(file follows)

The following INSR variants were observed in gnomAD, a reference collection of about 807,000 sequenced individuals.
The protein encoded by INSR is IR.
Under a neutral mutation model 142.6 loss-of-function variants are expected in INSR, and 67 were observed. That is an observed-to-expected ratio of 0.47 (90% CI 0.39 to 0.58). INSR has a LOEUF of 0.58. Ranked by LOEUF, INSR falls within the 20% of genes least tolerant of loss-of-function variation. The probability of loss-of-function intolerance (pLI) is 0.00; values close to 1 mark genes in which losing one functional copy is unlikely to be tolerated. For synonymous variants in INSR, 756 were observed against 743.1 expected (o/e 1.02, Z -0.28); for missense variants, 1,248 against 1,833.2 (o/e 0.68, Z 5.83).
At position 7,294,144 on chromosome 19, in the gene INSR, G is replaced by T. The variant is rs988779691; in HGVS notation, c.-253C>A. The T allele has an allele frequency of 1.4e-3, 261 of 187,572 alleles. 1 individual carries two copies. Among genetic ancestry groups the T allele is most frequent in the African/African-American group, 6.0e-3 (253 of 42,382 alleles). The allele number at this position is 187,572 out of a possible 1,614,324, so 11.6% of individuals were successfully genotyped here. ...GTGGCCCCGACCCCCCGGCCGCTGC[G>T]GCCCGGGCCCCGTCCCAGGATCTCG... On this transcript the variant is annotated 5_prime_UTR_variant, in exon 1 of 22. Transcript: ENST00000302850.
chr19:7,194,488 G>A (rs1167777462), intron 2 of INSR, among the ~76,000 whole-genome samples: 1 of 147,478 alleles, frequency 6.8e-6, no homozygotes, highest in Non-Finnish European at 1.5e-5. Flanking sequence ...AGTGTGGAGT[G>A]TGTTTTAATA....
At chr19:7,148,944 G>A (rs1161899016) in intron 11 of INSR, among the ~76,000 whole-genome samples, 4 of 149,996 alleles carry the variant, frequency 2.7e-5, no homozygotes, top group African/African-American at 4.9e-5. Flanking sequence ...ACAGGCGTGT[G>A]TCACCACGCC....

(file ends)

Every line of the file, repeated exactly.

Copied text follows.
The following INSR variants were observed in gnomAD, a reference collection of about 807,000 sequenced individuals.
The protein encoded by INSR is IR.
Under a neutral mutation model 142.6 loss-of-function variants are expected in INSR, and 67 were observed. That is an observed-to-expected ratio of 0.47 (90% CI 0.39 to 0.58). INSR has a LOEUF of 0.58. Ranked by LOEUF, INSR falls within the 20% of genes least tolerant of loss-of-function variation. The probability of loss-of-function intolerance (pLI) is 0.00; values close to 1 mark genes in which losing one functional copy is unlikely to be tolerated. For synonymous variants in INSR, 756 were observed against 743.1 expected (o/e 1.02, Z -0.28); for missense variants, 1,248 against 1,833.2 (o/e 0.68, Z 5.83).
At position 7,294,144 on chromosome 19, in the gene INSR, G is replaced by T. The variant is rs988779691; in HGVS notation, c.-253C>A. The T allele has an allele frequency of 1.4e-3, 261 of 187,572 alleles. 1 individual carries two copies. Among genetic ancestry groups the T allele is most frequent in the African/African-American group, 6.0e-3 (253 of 42,382 alleles). The allele number at this position is 187,572 out of a possible 1,614,324, so 11.6% of individuals were successfully genotyped here. ...GTGGCCCCGACCCCCCGGCCGCTGC[G>T]GCCCGGGCCCCGTCCCAGGATCTCG... On this transcript the variant is annotated 5_prime_UTR_variant, in exon 1 of 22. Transcript: ENST00000302850.
chr19:7,194,488 G>A (rs1167777462), intron 2 of INSR, among the ~76,000 whole-genome samples: 1 of 147,478 alleles, frequency 6.8e-6, no homozygotes, highest in Non-Finnish European at 1.5e-5. Flanking sequence ...AGTGTGGAGT[G>A]TGTTTTAATA....
At chr19:7,148,944 G>A (rs1161899016) in intron 11 of INSR, among the ~76,000 whole-genome samples, 4 of 149,996 alleles carry the variant, frequency 2.7e-5, no homozygotes, top group African/African-American at 4.9e-5. Flanking sequence ...ACAGGCGTGT[G>A]TCACCACGCC....